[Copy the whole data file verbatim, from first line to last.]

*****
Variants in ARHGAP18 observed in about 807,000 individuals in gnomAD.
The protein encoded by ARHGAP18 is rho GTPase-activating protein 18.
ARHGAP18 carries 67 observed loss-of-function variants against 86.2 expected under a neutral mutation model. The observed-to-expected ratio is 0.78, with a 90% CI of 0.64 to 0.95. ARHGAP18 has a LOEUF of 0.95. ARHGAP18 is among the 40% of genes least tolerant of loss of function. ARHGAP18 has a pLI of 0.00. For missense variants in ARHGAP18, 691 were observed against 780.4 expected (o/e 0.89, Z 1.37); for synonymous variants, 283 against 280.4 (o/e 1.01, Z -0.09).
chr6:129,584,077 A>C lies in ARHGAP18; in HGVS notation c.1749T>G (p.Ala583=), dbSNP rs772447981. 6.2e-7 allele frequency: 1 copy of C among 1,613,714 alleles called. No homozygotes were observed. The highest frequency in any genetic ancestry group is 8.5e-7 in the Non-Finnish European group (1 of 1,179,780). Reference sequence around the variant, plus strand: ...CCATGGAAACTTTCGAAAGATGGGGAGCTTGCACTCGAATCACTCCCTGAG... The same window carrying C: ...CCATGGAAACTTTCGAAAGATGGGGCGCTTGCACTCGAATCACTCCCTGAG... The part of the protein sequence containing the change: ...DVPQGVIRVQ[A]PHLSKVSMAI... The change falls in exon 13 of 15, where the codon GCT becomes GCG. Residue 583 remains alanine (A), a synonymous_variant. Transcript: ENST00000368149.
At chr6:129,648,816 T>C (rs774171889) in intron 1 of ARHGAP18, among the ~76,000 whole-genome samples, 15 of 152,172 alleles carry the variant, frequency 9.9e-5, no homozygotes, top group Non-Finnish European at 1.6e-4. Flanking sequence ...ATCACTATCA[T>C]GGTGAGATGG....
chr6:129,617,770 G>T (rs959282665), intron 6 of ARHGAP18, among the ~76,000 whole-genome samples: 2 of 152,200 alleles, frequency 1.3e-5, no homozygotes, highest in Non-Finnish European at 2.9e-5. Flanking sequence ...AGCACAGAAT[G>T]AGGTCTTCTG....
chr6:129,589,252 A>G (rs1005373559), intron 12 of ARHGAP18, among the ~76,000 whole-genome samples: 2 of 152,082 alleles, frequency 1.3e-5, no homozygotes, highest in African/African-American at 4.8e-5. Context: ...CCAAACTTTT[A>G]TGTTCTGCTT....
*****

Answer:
Variants in ARHGAP18 observed in about 807,000 individuals in gnomAD.
The protein encoded by ARHGAP18 is rho GTPase-activating protein 18.
ARHGAP18 carries 67 observed loss-of-function variants against 86.2 expected under a neutral mutation model. The observed-to-expected ratio is 0.78, with a 90% CI of 0.64 to 0.95. ARHGAP18 has a LOEUF of 0.95. ARHGAP18 is among the 40% of genes least tolerant of loss of function. ARHGAP18 has a pLI of 0.00. For missense variants in ARHGAP18, 691 were observed against 780.4 expected (o/e 0.89, Z 1.37); for synonymous variants, 283 against 280.4 (o/e 1.01, Z -0.09).
chr6:129,584,077 A>C lies in ARHGAP18; in HGVS notation c.1749T>G (p.Ala583=), dbSNP rs772447981. 6.2e-7 allele frequency: 1 copy of C among 1,613,714 alleles called. No homozygotes were observed. The highest frequency in any genetic ancestry group is 8.5e-7 in the Non-Finnish European group (1 of 1,179,780). Reference sequence around the variant, plus strand: ...CCATGGAAACTTTCGAAAGATGGGGAGCTTGCACTCGAATCACTCCCTGAG... The same window carrying C: ...CCATGGAAACTTTCGAAAGATGGGGCGCTTGCACTCGAATCACTCCCTGAG... The part of the protein sequence containing the change: ...DVPQGVIRVQ[A]PHLSKVSMAI... The change falls in exon 13 of 15, where the codon GCT becomes GCG. Residue 583 remains alanine (A), a synonymous_variant. Transcript: ENST00000368149.
At chr6:129,648,816 T>C (rs774171889) in intron 1 of ARHGAP18, among the ~76,000 whole-genome samples, 15 of 152,172 alleles carry the variant, frequency 9.9e-5, no homozygotes, top group Non-Finnish European at 1.6e-4. Flanking sequence ...ATCACTATCA[T>C]GGTGAGATGG....
chr6:129,617,770 G>T (rs959282665), intron 6 of ARHGAP18, among the ~76,000 whole-genome samples: 2 of 152,200 alleles, frequency 1.3e-5, no homozygotes, highest in Non-Finnish European at 2.9e-5. Flanking sequence ...AGCACAGAAT[G>T]AGGTCTTCTG....
chr6:129,589,252 A>G (rs1005373559), intron 12 of ARHGAP18, among the ~76,000 whole-genome samples: 2 of 152,082 alleles, frequency 1.3e-5, no homozygotes, highest in African/African-American at 4.8e-5. Context: ...CCAAACTTTT[A>G]TGTTCTGCTT....